Hibiscus is a pretty genus of sun-loving small trees and shrubs that have showy and tropical-looking flowers in bold shades of red, pink, white, pastel orange, and yellow. Hibiscus flowers are very easy to recognize by their large papery petals, funnel shape, and the range of hibiscus colors you can see with the sharply contrasting centers. Individual flowers usually only bloom for one or two days, but the hibiscus plant will produce blooms all summer long.
Picking the right hibiscus colors to stand out in your backyard or front yard depends largely on your climate. Tropical hibiscus plants bloom throughout the year, but they only grow in zones 9 to 12. Hardy hibiscus perennial shrubs produce very showy, large flowers and thrive in zones 5 to 11. Some tropical hibiscus cultivars grow as annuals in more temperate regions. You can also grow flowering shrubs that love the heat and do well planted in containers. You bring them inside when the temperature drops below 50°F.
Hibiscus plants are very colorful and tropical looking, and this is why they’re such a popular plant in many different climates.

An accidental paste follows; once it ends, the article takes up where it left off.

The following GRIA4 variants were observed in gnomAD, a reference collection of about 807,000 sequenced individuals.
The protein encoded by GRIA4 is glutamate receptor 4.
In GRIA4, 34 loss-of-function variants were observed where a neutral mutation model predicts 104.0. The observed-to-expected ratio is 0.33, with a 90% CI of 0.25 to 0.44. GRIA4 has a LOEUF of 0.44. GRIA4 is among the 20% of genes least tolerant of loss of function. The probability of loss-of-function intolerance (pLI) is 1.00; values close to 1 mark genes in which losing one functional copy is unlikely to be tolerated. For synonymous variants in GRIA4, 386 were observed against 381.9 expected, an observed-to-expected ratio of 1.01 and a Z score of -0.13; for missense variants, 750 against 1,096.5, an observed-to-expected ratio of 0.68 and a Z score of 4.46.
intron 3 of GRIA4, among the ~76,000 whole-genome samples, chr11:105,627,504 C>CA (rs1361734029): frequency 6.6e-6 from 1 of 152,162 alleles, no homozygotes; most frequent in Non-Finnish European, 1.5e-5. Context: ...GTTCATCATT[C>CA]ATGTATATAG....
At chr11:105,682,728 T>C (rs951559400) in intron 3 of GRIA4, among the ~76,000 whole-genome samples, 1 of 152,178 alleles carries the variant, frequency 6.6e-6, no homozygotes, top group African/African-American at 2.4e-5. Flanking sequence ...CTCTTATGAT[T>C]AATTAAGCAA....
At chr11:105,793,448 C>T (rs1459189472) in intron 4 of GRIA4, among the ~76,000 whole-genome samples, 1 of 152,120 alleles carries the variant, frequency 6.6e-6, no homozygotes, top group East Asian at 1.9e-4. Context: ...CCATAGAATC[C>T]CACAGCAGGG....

One thing the hardy and tropical plants have in common is the spectacular hibiscus colors you’ll see. Some of the most attractive flowers have multi-colored petals, and there are also more rare kinds to consider with even more bold colors. To take care of any hibiscus plant or shrub, you’ll want to grow them in a well-draining soil in full sun, and you should keep the ground evenly moist.
There are hundreds of cultivars and many species available, and this makes it easy to find the perfect hibiscus color to match your needs. No matter if you want tropical or hardy cultivars, you’ll find them here. We’re going to briefly touch on four popular types of hibiscus flowers below, and then we’ll dive into why hibiscus colors change and what you can do about it.